Harper's Weekly 08/19/1899

The Plans for the
Twelfth Census

ALL through the summer preparations have been
going busily on in Washington for a great
publishing enterprise, which will be launched
promptly on the first day of the coming June.
The results of the undertaking will begin to
appear in finished form two years from that date,
and will continue to be brought out at intervals for three or
four years thereafter. The publisher is the government;
the publication will be designated as the Twelfth Census
of the United States.

The Twelfth census will differ in several particulars
from any of the preceding ones. It will be conducted
on a larger scale, as there are of course more people to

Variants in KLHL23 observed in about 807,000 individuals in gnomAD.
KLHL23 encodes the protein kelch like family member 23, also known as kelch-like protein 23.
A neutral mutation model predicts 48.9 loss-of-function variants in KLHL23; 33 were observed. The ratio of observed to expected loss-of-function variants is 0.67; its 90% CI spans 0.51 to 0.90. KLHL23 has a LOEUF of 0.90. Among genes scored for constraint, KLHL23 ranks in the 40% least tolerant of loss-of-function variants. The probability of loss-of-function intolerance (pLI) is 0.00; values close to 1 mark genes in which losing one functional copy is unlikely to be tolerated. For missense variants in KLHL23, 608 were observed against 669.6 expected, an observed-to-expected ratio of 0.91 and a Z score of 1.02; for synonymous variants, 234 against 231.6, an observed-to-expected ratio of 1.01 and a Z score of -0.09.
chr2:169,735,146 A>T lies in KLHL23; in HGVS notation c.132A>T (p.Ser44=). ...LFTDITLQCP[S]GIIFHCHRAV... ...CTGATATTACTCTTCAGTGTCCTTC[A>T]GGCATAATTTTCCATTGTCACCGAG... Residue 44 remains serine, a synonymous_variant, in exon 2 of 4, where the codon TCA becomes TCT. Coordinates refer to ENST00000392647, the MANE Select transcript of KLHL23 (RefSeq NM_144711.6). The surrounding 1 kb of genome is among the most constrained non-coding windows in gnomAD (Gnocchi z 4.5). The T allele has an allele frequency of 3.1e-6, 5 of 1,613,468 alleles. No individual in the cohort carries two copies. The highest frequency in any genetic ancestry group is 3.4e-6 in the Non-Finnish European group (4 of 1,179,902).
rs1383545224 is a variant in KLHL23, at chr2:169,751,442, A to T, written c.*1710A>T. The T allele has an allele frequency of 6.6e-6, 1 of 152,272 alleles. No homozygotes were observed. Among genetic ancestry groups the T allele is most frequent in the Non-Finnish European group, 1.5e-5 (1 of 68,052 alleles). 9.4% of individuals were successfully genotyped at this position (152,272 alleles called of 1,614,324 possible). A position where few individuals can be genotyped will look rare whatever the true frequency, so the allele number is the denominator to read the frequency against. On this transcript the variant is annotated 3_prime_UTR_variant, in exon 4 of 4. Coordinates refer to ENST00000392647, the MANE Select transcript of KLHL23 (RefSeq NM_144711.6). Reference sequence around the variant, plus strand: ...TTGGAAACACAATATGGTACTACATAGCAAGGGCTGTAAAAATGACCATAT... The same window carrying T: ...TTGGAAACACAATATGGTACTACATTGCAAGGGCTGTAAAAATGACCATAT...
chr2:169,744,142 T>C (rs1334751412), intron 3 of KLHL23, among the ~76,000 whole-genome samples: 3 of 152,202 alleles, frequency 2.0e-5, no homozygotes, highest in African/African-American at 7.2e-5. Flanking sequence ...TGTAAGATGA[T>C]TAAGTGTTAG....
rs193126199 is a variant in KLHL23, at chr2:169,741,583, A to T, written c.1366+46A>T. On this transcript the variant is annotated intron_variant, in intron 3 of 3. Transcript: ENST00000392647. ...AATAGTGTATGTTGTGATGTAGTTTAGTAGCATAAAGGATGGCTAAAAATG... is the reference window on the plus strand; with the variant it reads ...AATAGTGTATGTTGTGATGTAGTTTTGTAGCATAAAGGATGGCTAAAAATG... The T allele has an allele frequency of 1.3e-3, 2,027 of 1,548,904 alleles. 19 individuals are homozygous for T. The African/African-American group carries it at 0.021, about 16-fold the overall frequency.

be enumerated. it will embrace a greater area; for
the first time the inhabitants of Alaska, Hawaii, and
Puerto Rico are to be included in the count. Moreover,
the coming census will be the first in which all the work
of recording and computing statistics is to be done by
mechanical means. Electric tabulating-machines were
introduced for this purpose toward the close of the elev-
enth census, but in the coming enumeration they will be
relied upon entirely.

The thorough organization necessary in order success-
fully to carry through such an undertaking as this may
be appreciated when one reflects upon the labor involved
in counting seventy-five millions of anything—a task that
would require one man's undivided energies for twelve
hours a day during more than a year and a half. In the
case of the census the labor is multiplied by the considera-
tion that the seventy-five million units are human beings,
concerning each of whom a dozen facts must be record-
ed, and that they are scattered over some four million
square miles of the earth's surface.